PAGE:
It was pretty surreal. I was in sixth grade during the peak of Mind Of Mencia, I loved his show as a kid. To travel and perform with someone I would watch on TV in middle school, it was something else.

Hanging with Mencia definitely taught me a lot. He has amazing stage presence. The way he captivates crowds and has them in the palm of his hand, it’s really impressive to watch. I learned a lot from him, in terms of how to connect with a crowd. 

Back in 2014 I opened for him at the Tropicana in Atlantic City for 2,000 people and I almost crapped my pants. He taught me how to be comfortable with bigger crowds.

How did you get involved with Total Frat Move, Total Sorority Move, and Medium? What type of things do you publish on these websites and does any of it correlate with your comedy career?

Total Frat Move and Total Sorority Move, I got involved with them because a close friend of mine wrote for Total Sorority Move. Oddly enough, it doesn’t correlate with my comedy career at all. I’ve never been in a frat, I definitely don’t have a frat boy personality.

Hell, I dropped out of college, and now I try to write “relatable” articles for college students. Don’t get me wrong, I love it, but it’s totally separate from my stand-up, which is what I prefer. I want to compartmentalize them. It’s almost like it’s two different people. For TSM and TFM I write under fake names. Hell, under TSM I write as a woman. So, if you see a sorority article written by some girl, that girl might actually be me. Stay woke.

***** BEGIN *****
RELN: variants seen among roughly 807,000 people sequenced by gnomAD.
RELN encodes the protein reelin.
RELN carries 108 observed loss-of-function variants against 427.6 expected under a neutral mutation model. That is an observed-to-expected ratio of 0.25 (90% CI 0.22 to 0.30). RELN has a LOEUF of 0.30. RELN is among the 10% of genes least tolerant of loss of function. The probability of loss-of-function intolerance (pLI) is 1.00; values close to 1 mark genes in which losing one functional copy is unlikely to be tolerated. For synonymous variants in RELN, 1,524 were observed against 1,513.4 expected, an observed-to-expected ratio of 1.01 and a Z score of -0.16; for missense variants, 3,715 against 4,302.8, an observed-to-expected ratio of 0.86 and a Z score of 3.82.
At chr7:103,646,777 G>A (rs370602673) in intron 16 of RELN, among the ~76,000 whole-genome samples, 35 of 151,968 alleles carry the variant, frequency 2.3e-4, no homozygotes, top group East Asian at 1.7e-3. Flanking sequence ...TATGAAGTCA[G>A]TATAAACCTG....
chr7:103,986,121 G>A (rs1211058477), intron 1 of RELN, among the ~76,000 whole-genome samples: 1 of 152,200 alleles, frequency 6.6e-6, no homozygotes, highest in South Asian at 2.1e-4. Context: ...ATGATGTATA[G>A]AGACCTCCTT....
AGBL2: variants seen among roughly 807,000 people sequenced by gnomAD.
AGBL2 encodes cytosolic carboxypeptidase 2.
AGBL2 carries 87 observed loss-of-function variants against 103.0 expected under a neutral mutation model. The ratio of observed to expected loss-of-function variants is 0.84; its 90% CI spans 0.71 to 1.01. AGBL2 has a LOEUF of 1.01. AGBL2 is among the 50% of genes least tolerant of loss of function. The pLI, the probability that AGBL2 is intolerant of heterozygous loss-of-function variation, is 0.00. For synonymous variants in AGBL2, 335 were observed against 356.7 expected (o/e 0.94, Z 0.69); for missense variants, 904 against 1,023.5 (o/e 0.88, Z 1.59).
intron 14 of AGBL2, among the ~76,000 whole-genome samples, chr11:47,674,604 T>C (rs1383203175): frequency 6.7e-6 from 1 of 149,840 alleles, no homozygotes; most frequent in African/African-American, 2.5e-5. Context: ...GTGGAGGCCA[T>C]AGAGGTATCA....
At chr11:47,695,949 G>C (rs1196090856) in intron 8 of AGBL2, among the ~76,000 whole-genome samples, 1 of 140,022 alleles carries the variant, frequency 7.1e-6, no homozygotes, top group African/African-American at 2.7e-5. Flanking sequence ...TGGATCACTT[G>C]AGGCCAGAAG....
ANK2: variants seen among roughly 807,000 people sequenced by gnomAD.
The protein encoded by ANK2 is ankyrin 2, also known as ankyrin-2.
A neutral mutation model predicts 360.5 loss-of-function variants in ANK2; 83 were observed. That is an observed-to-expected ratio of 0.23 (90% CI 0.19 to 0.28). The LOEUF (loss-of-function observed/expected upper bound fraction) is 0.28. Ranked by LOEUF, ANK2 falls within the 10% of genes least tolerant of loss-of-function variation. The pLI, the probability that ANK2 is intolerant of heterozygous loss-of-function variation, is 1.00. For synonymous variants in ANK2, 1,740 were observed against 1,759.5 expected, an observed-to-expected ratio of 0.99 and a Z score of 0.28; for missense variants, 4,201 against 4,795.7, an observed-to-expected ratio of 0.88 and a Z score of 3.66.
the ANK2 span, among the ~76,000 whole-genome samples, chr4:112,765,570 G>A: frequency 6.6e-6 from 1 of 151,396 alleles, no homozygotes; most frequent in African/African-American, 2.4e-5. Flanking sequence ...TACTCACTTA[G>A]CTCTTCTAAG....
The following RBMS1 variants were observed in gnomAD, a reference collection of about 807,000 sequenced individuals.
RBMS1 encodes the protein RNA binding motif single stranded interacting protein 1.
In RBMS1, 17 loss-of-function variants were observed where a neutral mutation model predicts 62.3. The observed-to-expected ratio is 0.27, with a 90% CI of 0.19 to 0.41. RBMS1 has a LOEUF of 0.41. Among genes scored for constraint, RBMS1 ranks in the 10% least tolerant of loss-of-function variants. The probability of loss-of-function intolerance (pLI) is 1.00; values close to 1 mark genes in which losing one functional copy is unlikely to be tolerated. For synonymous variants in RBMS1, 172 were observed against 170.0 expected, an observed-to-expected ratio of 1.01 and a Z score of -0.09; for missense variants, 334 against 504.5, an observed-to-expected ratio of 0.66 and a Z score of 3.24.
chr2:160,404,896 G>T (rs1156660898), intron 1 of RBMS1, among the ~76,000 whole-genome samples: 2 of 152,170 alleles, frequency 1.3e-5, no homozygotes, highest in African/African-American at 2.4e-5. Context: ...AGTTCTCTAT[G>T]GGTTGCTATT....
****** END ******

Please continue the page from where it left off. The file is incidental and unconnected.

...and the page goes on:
I just don’t want someone to see me and be like “That’s Drew! He writes for the frat website!” and then watch my stand-up and expect “frat” material. They’re going to be disappointed. 

Medium is a blast to write for. I write under my own name because my articles are basically the same vibe as my stand-up and there’s no limit on what I can write about. It doesn’t have to adhere to any type of “brand” or specific subject. I can just write about the random stuff that I’m obsessed with. Kanye West, Eminem, Woody Allen movies, my hatred for our president, it’s whatever topic I want. 

What are you looking forward to most when returning to perform in your home state? What can audience members expect from one of your shows?

Well first off, I love performing at the Avalon Theater. The crowds there are so fun, it’s just a very positive vibe. They’re there to have a good time and no matter what I talk about, they’ll come along with me. That sounds so fake and disingenuous, but I actually mean it. It’s always a really fun crowd. It’s a supportive atmosphere.

With some crowds, you get on stage and it feels like a battle. You have this thought like “Alright, I have to get this crowd on my side.” I don’t feel that at The Avalon, the crowd is already on my side. They don’t even know who I am, but they’re there and they’re ready to laugh.
I’m looking forward to bringing some Baltimore friends to my show. I’m bringing two opening acts. One of them is Chris Logan, I met him back in 2010 and he’s easily one of my favorite comics in Baltimore. He’s a great guy and he’s frickin hilarious. 

The other one is Hannah Pearce, who’s one of my best friends, and she’s a really talented comic, it’s been really fun to watch her develop her act, I’m super proud of her. She’s still new to the game, but she’s a beast. Both of them are going to kill it.

Audience members can expect a lot of storytelling, a lot of unnecessary filth, and too much yelling. There’s going to be a lot of talk about relationships, a lot of gross stories, and probably too many Kanye references. It’s going to be fun.

What can we expect next from Drew Landry?

That’s a good question. I was wondering the same thing.